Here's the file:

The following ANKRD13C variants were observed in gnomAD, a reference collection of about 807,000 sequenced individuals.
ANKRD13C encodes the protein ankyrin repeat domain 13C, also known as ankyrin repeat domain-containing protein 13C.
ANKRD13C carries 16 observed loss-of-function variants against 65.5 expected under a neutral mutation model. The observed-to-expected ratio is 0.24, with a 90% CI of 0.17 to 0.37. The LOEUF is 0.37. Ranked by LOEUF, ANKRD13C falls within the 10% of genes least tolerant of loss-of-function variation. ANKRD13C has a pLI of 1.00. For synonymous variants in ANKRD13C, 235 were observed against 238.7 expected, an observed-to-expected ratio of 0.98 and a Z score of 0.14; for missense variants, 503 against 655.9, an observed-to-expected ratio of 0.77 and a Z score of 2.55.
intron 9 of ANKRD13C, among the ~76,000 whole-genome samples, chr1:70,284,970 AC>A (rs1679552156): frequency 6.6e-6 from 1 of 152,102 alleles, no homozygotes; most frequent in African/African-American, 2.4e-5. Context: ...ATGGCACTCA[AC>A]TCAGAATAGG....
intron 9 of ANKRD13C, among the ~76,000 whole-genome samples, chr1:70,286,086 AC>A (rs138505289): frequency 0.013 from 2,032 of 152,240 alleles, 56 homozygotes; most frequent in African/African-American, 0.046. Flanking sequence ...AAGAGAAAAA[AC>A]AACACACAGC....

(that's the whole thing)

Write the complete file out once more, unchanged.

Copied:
The following ANKRD13C variants were observed in gnomAD, a reference collection of about 807,000 sequenced individuals.
ANKRD13C encodes the protein ankyrin repeat domain 13C, also known as ankyrin repeat domain-containing protein 13C.
ANKRD13C carries 16 observed loss-of-function variants against 65.5 expected under a neutral mutation model. The observed-to-expected ratio is 0.24, with a 90% CI of 0.17 to 0.37. The LOEUF is 0.37. Ranked by LOEUF, ANKRD13C falls within the 10% of genes least tolerant of loss-of-function variation. ANKRD13C has a pLI of 1.00. For synonymous variants in ANKRD13C, 235 were observed against 238.7 expected, an observed-to-expected ratio of 0.98 and a Z score of 0.14; for missense variants, 503 against 655.9, an observed-to-expected ratio of 0.77 and a Z score of 2.55.
intron 9 of ANKRD13C, among the ~76,000 whole-genome samples, chr1:70,284,970 AC>A (rs1679552156): frequency 6.6e-6 from 1 of 152,102 alleles, no homozygotes; most frequent in African/African-American, 2.4e-5. Context: ...ATGGCACTCA[AC>A]TCAGAATAGG....
intron 9 of ANKRD13C, among the ~76,000 whole-genome samples, chr1:70,286,086 AC>A (rs138505289): frequency 0.013 from 2,032 of 152,240 alleles, 56 homozygotes; most frequent in African/African-American, 0.046. Flanking sequence ...AAGAGAAAAA[AC>A]AACACACAGC....